HDQRS. MILITARY DIVISION OF THE MISSISSIPPI,
In the Field, Raleigh, N. C., April 18, 1865.
Lieutenant General U. S. GRANT or
Washington, D. C.:
GENERAL: I inclose herewith a copy of an agreement made this day between General Joseph E. Johnston and myself, which, if approved by the President of the United States, will produce peace from the Potomac and the Rio Grande. Mr. Breckinridge was present at our conference in his capacity as major-general, and satisfied me of the ability of General Johnston to carry out to the full extent the terms of this agreement, and if you will get the President to simply indorse the copy and commission me to carry out the terms, I will follow them to the conclusion. You will observe that it is an absolute submission of the enemy to the lawful authority of the United States, and dispersed his armies absolutely, and the point to which I attach most importance is that the dispersion and disbandment of these armies is done in such a manner as to prevent their breaking up into guerrilla bands. On the other hand, we can retain just as much of an army as we please. I agreed to toe mode and manner of the surrender of arms set forth, as it gives the States the means of repressing guerrillas, which we could not expect them to do if we stripped them of all arms. Both Generals Johnston and Breckinridge admitted that slavely was dead, and I could not insist on embracing it in such a paper, because it can be made with the states in detail. I know that all the men of substance South sincerely want peace, and I do not believe they will resort to war again during this century. I have no doubt that they will in the future be perfectly subordinate to the laws of the United States. The moment my action in this matter if approved I can spare five corps, and will ask for orders to leave General Schofield here with the Tenth Corps, and to march myself with the Fourteenth, Fifteenth, Sixteenth, Twentieth, and Twenty-third Corps, via Burkevill and Gordonsville, to Frederick or Hagerstown, there to be paid and mustered out. The question of finance is now the chief one, and every soldier and officer not needed should be got home at work. I would like to be able to begin the march north by May 1. I urge on the part of the President speedy action, as it is important to get the Confederate armies to their homes as well as our own.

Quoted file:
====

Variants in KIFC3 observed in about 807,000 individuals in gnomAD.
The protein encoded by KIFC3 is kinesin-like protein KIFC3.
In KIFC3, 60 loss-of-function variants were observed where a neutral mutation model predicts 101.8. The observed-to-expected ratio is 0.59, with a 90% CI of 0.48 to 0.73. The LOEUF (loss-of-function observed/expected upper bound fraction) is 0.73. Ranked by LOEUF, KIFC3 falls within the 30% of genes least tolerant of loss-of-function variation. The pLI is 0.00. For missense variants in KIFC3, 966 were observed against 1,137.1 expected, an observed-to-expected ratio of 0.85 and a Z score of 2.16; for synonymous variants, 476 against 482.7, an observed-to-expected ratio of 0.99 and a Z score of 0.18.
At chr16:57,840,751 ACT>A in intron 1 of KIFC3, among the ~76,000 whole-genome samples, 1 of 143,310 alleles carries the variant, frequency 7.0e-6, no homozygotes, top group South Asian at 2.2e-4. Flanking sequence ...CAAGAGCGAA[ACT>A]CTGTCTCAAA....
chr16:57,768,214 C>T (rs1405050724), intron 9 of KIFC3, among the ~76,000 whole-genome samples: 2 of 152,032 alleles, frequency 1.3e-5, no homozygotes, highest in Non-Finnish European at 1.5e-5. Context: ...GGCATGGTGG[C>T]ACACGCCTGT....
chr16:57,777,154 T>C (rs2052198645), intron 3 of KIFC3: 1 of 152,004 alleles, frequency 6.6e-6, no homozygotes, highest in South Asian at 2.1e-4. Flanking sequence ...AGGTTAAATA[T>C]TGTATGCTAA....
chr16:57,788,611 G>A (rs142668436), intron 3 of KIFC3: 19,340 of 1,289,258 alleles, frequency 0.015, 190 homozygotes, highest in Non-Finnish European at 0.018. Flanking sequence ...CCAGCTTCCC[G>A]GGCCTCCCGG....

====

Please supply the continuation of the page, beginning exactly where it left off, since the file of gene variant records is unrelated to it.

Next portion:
I am, with great respect, your obedient servant,
W. T. SHERMAN,
[Inclosure Numbers 1.]
Memorandum or basis of agreement made this 18th day of April, A. D. 1865, near Durham's Station, in the State of North Carolina, by and between General Joseph E. Johnston, commanding the Confederate army, and Major General William T. Sherman, commanding the army of the United States in North carolina, both present.
First. The contending armies now in the field to maintain the status quo until notice is given by the commanding general of any one to its opponent, and reasonable time, say forty-eight hours, allowed.
Second. The Confederate armies now in existence to be disbanded and conducted to their several State capitals, there to deposit their arms and public property in the State arsenal, and each officer and man to execute and file an agreement to cease from acts of war and to abide the action of both State and Federal authority. The number of arms and